• Note: One component ends above baseline, indicating there is still a significant scattering component at the end of our dataset. In this case that is the sloping buffer gradient.


  15. Click the “Next” button in the bottom right corner to move to the last stage of the REGALS analysis.


  16. This window shows controls on the left and results on the right. In the controls area at the top are general controls. You can adjust the number of components, calibrate the X axis, and set the convergence criteria for the REGALS algorithm. A plot of the ranges is also shown. On the bottom are the controls for each individual component. We won’t go through all the possible permutations for each setting, so if you want to know more check out the links at the top of this tutorial.

    • Note: The ranges are automatically assigned based on the start and end points for components found in the EFA plots. Background components ranges are assigned on the principle of first-in last-out, whereas all the other component ranges are assigned by first-in first-out.
    • Note: Components are only shown three across. Scroll down in the component area to see more component settings.
  17. Now we need to start refining our component ranges, and tweaking other settings in the components. Component 0 looks good for now, so we will start with component 1. On the concentration plot on the right, notice that despite the component 1 range being defined from only 350-700, the component shows features at a wide range of frame numbers (index). Looking at the scattergram with the ranges plotted, there’s no obvious elution component in the range where component 1 is defined. This means that component 1 is likely a background component as well. Since the SVD for the background components and the EFA plots were not clear on where the component should end, we will fit it from the start point we found, 350, until the end of the dataset. To do this, change the endpoint of the concentration range to 1736. Also uncheck the ‘Zero at Xmax’ box for this component, as it may contribute to the buffer scattering at the end of the dataset.

    • Tip: If you return to the Background Components window, if you add a single range from 0 to 700 you’ll see two components, indicating that there are likely multiple background components. However, if you look at the end region, assuming you avoid the tail of the peak (~1600-1736) there’s only one component. So it’s not clear where the first component might end and the second one start, and how much coexistence there is between these two background components. In this case, fitting both to end at the end of the dataset works well.


  18. Because it can take a while to run, REGALS does not automatically update the results. To see how changing the range changed the deconvolution, click the “Run REGALS” button.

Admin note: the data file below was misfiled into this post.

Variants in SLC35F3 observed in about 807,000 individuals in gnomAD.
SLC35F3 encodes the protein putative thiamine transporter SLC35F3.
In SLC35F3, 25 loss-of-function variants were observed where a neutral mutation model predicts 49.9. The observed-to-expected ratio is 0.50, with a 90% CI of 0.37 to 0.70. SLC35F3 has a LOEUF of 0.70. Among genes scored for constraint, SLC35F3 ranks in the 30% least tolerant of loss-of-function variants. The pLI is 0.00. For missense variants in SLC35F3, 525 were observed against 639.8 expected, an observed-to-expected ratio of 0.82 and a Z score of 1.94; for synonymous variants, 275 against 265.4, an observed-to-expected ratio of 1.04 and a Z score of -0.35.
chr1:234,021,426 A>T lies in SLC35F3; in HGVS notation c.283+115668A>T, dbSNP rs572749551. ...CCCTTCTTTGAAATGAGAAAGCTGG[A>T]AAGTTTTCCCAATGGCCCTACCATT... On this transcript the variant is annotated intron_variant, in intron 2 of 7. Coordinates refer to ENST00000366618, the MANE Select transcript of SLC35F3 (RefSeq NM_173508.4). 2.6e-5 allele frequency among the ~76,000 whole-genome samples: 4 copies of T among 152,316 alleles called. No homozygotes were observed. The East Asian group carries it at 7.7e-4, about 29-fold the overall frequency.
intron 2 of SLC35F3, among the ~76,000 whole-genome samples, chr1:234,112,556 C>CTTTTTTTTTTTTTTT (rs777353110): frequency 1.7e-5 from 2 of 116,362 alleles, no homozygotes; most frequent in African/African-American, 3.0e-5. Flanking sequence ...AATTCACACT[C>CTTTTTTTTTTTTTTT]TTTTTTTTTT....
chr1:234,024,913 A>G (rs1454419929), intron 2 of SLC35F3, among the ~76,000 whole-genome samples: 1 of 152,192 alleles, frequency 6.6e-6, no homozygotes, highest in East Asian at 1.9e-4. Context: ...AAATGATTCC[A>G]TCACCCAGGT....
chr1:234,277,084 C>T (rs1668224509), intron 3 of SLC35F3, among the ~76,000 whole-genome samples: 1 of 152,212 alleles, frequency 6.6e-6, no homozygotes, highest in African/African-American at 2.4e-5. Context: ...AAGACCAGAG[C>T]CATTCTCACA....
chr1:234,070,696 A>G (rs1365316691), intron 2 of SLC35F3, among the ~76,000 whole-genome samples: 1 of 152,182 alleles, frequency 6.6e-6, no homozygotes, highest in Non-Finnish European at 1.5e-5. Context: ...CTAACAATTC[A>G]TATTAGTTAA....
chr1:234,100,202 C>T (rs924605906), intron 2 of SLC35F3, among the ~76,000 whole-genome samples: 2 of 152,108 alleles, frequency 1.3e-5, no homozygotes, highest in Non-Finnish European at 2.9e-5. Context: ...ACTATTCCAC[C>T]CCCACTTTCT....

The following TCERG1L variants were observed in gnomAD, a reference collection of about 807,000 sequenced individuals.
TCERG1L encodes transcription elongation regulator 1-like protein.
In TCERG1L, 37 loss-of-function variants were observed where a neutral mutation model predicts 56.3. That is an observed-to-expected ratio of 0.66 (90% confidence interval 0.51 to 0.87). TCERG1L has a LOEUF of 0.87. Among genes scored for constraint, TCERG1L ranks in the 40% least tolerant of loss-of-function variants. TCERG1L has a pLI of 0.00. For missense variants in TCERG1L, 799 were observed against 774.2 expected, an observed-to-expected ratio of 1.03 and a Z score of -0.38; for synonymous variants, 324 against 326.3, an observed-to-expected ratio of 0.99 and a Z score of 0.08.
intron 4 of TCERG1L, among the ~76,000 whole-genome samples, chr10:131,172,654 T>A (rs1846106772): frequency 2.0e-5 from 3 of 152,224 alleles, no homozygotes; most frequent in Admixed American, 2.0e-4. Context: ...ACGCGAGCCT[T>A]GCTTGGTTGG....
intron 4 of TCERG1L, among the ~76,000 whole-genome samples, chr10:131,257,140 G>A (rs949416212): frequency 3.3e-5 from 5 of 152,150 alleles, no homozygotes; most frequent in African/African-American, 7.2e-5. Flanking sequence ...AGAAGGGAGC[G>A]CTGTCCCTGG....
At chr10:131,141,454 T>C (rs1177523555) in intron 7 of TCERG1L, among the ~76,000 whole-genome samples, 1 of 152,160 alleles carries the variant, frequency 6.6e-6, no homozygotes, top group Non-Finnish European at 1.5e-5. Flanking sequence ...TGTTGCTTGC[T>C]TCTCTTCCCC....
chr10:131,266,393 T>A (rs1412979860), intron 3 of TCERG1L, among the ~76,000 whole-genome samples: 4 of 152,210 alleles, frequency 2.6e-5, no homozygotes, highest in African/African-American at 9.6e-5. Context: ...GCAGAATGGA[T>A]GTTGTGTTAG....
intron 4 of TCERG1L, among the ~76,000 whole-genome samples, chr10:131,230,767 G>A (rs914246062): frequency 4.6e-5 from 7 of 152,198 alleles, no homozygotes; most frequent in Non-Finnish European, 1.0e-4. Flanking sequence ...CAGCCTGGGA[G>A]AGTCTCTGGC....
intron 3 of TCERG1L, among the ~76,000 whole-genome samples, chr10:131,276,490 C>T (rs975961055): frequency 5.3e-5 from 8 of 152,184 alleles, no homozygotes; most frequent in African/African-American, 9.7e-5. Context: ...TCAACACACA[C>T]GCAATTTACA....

• Note: If lambda is automatically updated for a component, this value in the GUI will not be updated until you run REGALS.
    • Note: When you have changes to your deconvolution settings and REGALS hasn’t been run with those settings the “Run REGALS” button will have a yellow background.


  19. There is a definite improvement in the REGALS results after rerunning the data. Next we will refine the protein components. We will first refine the ranges. On the concentration plot, notice that the component 3 (red) concentration is pulled down to zero pretty sharply on the left side. At the same point there’s a peak in the component 2 (green) concentration right where the red one starts. There’s also a small spike in the chi^2 plot around frame 1200, which is where component 3 starts. This indicates that we’ve restricted component 3 excessively and some of the scattering is going into component 2. We will change the range for component 3 to start at an earlier point and see how that affects the deconvolution. To do this, set the start of component 3 to 1150 and run REGALS.


  20. After running REGALS, notice that the chi^2 spike is completely gone, and that the range 3 concentration is coming back down to zero in a more natural way. Also notice that the spike in component 2 concentration is reduced. If you look closely at the component 2 concentration you can see a bit of a double peak around ~1150. There could be a little bit more component 3 there, so we will start the component 3 range earlier. Try 1125 and 1100 for the component 3 start.

  21. As there’s minimal change between 1100 and 1125, set the component 3 start back to 1125.

  22. At this point the deconvolution is starting to look reasonable. There’s nothing obviously wrong with the component ranges, so next we will adjust the lambda values for the components. These control the degree of smoothing in the deconvolution. For strong components with lots of measured profiles, like the peaks in this dataset, we don’t need a large lambda. In fact, we might not need any lambda. For component 2 and 3 concentrations turn off “Auto lambda”, and set the lambda value to 0. Then run REGALS again.

    • Tip: Make sure you’re setting lambda for the concentration, not the profile, for each component.